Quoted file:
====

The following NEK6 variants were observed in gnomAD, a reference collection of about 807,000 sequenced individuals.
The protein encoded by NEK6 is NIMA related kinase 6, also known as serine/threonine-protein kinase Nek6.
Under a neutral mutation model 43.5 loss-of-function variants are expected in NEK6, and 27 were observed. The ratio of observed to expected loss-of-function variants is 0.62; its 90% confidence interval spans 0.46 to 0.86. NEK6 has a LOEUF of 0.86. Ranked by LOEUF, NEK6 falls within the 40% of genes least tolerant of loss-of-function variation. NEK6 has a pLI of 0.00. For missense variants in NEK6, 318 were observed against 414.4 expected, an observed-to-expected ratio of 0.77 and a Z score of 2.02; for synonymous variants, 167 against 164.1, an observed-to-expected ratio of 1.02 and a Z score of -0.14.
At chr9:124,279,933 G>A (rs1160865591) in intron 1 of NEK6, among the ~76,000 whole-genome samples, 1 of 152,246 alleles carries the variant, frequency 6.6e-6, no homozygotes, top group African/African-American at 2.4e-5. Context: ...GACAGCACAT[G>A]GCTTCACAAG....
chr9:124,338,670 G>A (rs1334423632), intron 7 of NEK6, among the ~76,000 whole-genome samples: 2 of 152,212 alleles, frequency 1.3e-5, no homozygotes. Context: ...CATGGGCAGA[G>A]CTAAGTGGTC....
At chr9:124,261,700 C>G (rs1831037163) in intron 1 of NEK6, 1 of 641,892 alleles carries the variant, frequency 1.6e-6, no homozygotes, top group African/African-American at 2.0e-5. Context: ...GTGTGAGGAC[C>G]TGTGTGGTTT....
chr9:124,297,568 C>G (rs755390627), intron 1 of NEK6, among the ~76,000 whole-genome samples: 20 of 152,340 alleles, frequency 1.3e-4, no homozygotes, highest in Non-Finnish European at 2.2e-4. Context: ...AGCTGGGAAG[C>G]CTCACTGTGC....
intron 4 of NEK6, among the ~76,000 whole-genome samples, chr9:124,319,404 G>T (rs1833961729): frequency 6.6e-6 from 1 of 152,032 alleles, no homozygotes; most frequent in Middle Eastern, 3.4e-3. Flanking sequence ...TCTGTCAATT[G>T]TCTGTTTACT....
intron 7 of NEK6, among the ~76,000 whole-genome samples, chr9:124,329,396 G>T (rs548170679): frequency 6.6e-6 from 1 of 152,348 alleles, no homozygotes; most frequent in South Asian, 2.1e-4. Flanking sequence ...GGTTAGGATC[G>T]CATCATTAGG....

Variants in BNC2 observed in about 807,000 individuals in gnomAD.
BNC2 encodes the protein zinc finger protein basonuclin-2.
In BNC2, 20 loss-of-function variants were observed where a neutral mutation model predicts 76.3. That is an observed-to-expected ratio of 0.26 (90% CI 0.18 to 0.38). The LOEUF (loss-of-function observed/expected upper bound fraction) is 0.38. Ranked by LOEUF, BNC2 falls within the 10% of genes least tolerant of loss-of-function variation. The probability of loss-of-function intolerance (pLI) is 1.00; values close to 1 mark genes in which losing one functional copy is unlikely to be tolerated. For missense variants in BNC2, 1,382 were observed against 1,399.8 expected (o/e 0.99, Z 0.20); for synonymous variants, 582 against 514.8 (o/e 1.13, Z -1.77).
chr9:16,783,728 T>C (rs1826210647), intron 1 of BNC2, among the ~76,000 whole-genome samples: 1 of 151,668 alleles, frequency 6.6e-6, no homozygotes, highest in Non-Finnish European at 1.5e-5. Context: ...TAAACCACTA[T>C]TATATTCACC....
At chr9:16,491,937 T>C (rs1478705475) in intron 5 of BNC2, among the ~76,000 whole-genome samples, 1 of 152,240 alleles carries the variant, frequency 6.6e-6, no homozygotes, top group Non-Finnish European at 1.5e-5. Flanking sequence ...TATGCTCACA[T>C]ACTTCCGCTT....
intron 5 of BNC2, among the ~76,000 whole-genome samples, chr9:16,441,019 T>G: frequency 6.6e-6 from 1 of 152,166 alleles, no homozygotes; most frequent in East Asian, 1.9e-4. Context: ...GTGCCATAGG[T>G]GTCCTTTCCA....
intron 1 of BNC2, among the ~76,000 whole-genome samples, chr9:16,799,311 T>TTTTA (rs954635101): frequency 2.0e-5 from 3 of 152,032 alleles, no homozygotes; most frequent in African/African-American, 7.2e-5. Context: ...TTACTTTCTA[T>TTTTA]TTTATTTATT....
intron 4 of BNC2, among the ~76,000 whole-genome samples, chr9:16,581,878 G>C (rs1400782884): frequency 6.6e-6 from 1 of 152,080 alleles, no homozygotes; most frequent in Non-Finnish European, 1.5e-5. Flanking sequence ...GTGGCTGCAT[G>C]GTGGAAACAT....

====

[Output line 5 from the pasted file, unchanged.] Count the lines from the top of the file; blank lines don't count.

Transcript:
chr9:124,338,670 G>A (rs1334423632), intron 7 of NEK6, among the ~76,000 whole-genome samples: 2 of 152,212 alleles, frequency 1.3e-5, no homozygotes. Context: ...CATGGGCAGA[G>A]CTAAGTGGTC....